“[This is] about having courage and integrity… When I took my oath as an Assembly Member, I took an oath to represent the people in this community, period, to the best of my ability. And I have the ability this evening to simply do the right thing. And the right thing is to not certify this election.” – Elvi Gray-Jackson

“I can either vote to uphold the law or I can vote to uphold what’s right. Because the law, currently, is wrong.” – Patrick Flynn

“I am not satisfied that this election is ready to be certified. I am going to err on the side of caution. An abundance of caution is not unconstitutional. I am going to be cautious and vote no.” – Harriet Drummond.

These assembly members raise a significant question that is also not specified in municipal code. As representatives elected to represent the people and uphold the law, which facet is subordinate to the other? Are the concerns of their constituents their primary function, or is the law – or one opinion of the translation of the law – their master? When confronted with substantiated voter disenfranchisement with existing law is translated to ignore, what dictates protocol for the assembly members?

As was stated earlier, certification passed. The election is official, though a change in the results, if it occurred, would retroactively change the status of the certification.

Ernie Hall finished the meeting with a statement that he was not abandoning the election, and that an independent investigation would still take place:

We are working with a recount applicant, Hal Gazaway, and I personally called him this morning and had a conversation with him basically stating my appreciation for the fact that the group stepped up and asked for this…. This does give us the opportunity – this will be a hand count and I think we’re going to answer the question about how accurate the scan machines are. So, I look forward to working and insuring that we try to give some peace of mind, one way or the other.

If there is a silver lining in the chaos that has been this fail of an election, Hall pointed it out in his closing. While reform must happen as it relates to municipal code, Title 28; and while I am disappointed that the answer seems to rest in correcting future mistakes and absolving one’s self with past casualties of bad policy; and while people tasked with carrying out this election utterly failed and have yet to be held accountable, I have great confidence in one aspect: the man tasked with moving forward with the investigation.

Hal Gazaway is a man worthy of respect. He’s someone I admire. He is someone with unquestionable character and integrity. If there was one person I’d want in charge of this investigation, it would be Hal Gazaway. I mean that in all sincerity. We are in good hands.

Stay vigilant, stay focused, stay tuned. This is going somewhere. It has to. I’ve heard some use this as an excuse to tune out and note vote. You can choose to do that. You can choose to identify politically as an indolent whelp. But I reject the notion of giving up because giving a damn about your country is just so hard and frustrating. I don’t think we can afford to be that weak-kneed. Voting might break down, but it has to work, and when it doesn’t, we need to make it. Anything less is lazy cowardice. Be better than that. Fight for more than that. And click here one more time.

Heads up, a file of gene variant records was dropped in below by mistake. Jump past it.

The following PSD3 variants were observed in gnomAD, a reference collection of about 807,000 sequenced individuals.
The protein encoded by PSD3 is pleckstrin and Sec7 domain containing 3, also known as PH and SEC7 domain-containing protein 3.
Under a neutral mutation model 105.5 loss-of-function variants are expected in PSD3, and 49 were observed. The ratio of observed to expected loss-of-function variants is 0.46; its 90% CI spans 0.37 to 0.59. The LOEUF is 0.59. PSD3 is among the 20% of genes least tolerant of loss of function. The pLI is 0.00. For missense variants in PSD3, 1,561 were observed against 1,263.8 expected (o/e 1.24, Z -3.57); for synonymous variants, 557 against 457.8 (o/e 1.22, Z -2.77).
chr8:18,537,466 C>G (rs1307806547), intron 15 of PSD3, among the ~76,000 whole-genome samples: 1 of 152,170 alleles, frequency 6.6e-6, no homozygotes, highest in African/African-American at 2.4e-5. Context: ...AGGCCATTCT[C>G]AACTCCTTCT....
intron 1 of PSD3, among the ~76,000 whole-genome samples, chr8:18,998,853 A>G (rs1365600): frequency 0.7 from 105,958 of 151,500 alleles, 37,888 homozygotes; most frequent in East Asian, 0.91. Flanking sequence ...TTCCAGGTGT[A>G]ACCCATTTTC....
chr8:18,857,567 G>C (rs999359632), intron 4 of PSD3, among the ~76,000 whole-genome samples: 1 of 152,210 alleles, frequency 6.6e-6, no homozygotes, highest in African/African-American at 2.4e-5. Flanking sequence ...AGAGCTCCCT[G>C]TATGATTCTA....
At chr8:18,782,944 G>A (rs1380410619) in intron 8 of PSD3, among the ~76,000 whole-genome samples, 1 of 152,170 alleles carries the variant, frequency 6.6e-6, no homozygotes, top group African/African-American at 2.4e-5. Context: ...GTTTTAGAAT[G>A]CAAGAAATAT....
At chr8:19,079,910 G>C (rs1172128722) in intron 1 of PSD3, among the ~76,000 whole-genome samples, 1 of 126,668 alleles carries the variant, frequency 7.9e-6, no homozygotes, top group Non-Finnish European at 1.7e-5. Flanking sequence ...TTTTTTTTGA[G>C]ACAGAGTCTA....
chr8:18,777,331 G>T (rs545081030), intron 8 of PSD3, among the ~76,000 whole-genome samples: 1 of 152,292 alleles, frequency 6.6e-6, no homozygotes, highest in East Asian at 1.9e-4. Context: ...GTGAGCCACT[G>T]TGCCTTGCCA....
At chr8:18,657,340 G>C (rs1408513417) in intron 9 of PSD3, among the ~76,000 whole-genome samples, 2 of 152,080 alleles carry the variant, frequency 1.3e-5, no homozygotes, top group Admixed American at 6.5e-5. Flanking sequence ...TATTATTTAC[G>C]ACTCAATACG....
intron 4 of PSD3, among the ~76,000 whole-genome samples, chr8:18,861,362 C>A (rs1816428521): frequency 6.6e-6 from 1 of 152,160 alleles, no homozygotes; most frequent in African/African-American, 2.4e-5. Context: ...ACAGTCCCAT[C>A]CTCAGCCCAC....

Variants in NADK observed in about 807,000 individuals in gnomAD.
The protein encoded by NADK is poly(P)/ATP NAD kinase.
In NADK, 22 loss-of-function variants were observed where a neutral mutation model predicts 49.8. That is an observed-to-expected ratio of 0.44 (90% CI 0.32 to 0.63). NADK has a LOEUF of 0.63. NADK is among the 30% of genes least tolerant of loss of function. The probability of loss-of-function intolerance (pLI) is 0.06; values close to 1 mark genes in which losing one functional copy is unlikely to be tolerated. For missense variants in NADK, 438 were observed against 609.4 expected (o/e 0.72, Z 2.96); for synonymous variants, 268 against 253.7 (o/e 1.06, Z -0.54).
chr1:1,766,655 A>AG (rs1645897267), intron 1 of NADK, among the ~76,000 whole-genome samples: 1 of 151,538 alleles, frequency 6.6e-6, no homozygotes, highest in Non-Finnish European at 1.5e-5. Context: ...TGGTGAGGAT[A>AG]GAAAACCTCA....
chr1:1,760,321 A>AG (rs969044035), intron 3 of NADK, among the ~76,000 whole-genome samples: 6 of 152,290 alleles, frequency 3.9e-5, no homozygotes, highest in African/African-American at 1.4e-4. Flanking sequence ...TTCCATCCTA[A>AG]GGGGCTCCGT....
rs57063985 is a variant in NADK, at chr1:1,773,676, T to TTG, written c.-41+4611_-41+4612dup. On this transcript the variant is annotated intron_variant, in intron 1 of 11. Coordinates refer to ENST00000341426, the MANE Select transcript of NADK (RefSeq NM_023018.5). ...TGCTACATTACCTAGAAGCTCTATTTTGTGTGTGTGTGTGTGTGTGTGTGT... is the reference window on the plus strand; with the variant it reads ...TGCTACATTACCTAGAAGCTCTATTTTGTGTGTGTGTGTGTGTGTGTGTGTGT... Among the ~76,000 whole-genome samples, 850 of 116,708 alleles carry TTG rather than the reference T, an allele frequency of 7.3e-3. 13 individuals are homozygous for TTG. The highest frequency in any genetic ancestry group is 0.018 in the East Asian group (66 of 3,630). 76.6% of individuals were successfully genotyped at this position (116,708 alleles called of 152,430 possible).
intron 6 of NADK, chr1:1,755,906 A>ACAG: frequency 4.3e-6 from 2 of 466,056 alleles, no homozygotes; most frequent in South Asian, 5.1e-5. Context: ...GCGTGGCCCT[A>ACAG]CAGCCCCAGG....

Dismissed… for now.

3 COMMENTS

  1. All I can say is that the people who are responsible for this fiasco of an election should not be the ones also investigating it. It is a tremendous miscarriage of the democratic process that no public testimony was allows, and that blatant lies were left unchallenged. The lawyer made a compelling argument for the rule of law, and a door remains open to get to the bottom of what happened. There will be a recount, and we have been told that the assembly will conduct an investigation…Personally, I would have gone for nullification because as Flynn indicated the law is wrong. The people responsible for this need to be uncovered and held responsible.

  2. Petumenos’ court analogy is as broken as this election. (Or maybe it’s “cut” — like the memory card security seal Wendy Isbell saw with her own eyes, a type of eyewitness evidence that Mathew calls “hearsay.”)

    Strangely enough, this court — the Assembly, in a mixture of roles — comprises much the same people as comprise the defense, striving to “defend” the election against the prosecution. The prosecution, meanwhile, has no presence in court at all except in enforced silence (or getting tossed out if that silence is breached). The Assembly-cum-court-cum-defense was the only side empowered to call or examine witnesses or to investigate possible “malconduct” (hence no surprise that it found the election “innocent” via the Election Commission), and also controls access to most of the evidence that the prosecution would require access to in order to prove malconduct or contest the election. Public record requests are all fine & well: but with only 5 working days between Election Commission report and the deadline to file — fat chance.

    Meanwhile, as we proceed towards a recount of 15 precincts — guess who’s guarding the henhouse? Will this be another Cuyahoga County, OH 2004-style recount?